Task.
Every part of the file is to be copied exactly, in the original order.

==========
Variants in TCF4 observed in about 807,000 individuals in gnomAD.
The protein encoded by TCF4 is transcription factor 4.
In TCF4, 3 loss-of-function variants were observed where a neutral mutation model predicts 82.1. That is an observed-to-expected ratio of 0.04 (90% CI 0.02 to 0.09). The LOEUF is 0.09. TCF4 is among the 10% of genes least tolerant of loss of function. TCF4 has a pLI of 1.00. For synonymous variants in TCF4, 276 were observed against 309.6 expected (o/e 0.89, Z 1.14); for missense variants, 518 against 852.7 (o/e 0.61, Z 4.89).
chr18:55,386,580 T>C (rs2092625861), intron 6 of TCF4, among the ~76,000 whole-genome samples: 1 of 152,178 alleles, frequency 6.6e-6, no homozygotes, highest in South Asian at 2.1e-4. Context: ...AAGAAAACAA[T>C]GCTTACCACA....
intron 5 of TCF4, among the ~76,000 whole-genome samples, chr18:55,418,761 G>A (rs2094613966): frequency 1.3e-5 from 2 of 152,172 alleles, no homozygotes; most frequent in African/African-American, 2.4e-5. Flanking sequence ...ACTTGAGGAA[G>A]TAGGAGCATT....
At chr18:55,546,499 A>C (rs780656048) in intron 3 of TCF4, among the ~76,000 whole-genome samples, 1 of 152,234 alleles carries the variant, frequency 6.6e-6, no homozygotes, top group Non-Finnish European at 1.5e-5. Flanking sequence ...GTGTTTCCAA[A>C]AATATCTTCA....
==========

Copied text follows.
Variants in TCF4 observed in about 807,000 individuals in gnomAD.
The protein encoded by TCF4 is transcription factor 4.
In TCF4, 3 loss-of-function variants were observed where a neutral mutation model predicts 82.1. That is an observed-to-expected ratio of 0.04 (90% CI 0.02 to 0.09). The LOEUF is 0.09. TCF4 is among the 10% of genes least tolerant of loss of function. TCF4 has a pLI of 1.00. For synonymous variants in TCF4, 276 were observed against 309.6 expected (o/e 0.89, Z 1.14); for missense variants, 518 against 852.7 (o/e 0.61, Z 4.89).
chr18:55,386,580 T>C (rs2092625861), intron 6 of TCF4, among the ~76,000 whole-genome samples: 1 of 152,178 alleles, frequency 6.6e-6, no homozygotes, highest in South Asian at 2.1e-4. Context: ...AAGAAAACAA[T>C]GCTTACCACA....
intron 5 of TCF4, among the ~76,000 whole-genome samples, chr18:55,418,761 G>A (rs2094613966): frequency 1.3e-5 from 2 of 152,172 alleles, no homozygotes; most frequent in African/African-American, 2.4e-5. Flanking sequence ...ACTTGAGGAA[G>A]TAGGAGCATT....
At chr18:55,546,499 A>C (rs780656048) in intron 3 of TCF4, among the ~76,000 whole-genome samples, 1 of 152,234 alleles carries the variant, frequency 6.6e-6, no homozygotes, top group Non-Finnish European at 1.5e-5. Flanking sequence ...GTGTTTCCAA[A>C]AATATCTTCA....